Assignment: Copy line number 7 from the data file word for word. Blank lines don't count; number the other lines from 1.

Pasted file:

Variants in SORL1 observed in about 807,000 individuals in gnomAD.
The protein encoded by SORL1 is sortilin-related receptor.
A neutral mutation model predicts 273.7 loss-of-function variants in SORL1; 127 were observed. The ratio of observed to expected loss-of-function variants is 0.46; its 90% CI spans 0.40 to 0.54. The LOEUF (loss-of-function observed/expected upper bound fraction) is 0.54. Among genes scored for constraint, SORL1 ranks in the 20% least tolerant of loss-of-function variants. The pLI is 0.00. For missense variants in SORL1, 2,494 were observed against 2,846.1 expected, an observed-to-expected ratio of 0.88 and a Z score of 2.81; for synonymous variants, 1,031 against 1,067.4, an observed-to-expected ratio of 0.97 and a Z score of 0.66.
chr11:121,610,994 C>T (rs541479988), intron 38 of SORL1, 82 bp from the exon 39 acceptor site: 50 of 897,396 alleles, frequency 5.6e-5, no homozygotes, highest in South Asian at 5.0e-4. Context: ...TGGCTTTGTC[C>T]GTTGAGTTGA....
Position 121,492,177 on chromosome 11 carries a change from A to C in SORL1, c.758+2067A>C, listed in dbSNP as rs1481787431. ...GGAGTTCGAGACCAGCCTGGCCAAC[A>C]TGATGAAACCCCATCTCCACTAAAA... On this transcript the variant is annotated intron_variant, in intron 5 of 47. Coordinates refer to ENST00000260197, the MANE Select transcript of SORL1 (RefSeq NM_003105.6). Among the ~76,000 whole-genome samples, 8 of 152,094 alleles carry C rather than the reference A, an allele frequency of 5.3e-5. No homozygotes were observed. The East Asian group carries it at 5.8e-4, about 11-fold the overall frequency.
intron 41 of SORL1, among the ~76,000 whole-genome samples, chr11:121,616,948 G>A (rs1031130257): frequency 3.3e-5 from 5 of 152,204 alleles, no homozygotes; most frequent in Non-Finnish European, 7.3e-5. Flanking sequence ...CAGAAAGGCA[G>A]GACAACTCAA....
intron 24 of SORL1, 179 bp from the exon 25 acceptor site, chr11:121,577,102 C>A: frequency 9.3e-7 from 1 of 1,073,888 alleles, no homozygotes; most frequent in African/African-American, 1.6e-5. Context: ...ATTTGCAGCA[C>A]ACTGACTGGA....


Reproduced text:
intron 24 of SORL1, 179 bp from the exon 25 acceptor site, chr11:121,577,102 C>A: frequency 9.3e-7 from 1 of 1,073,888 alleles, no homozygotes; most frequent in African/African-American, 1.6e-5. Context: ...ATTTGCAGCA[C>A]ACTGACTGGA....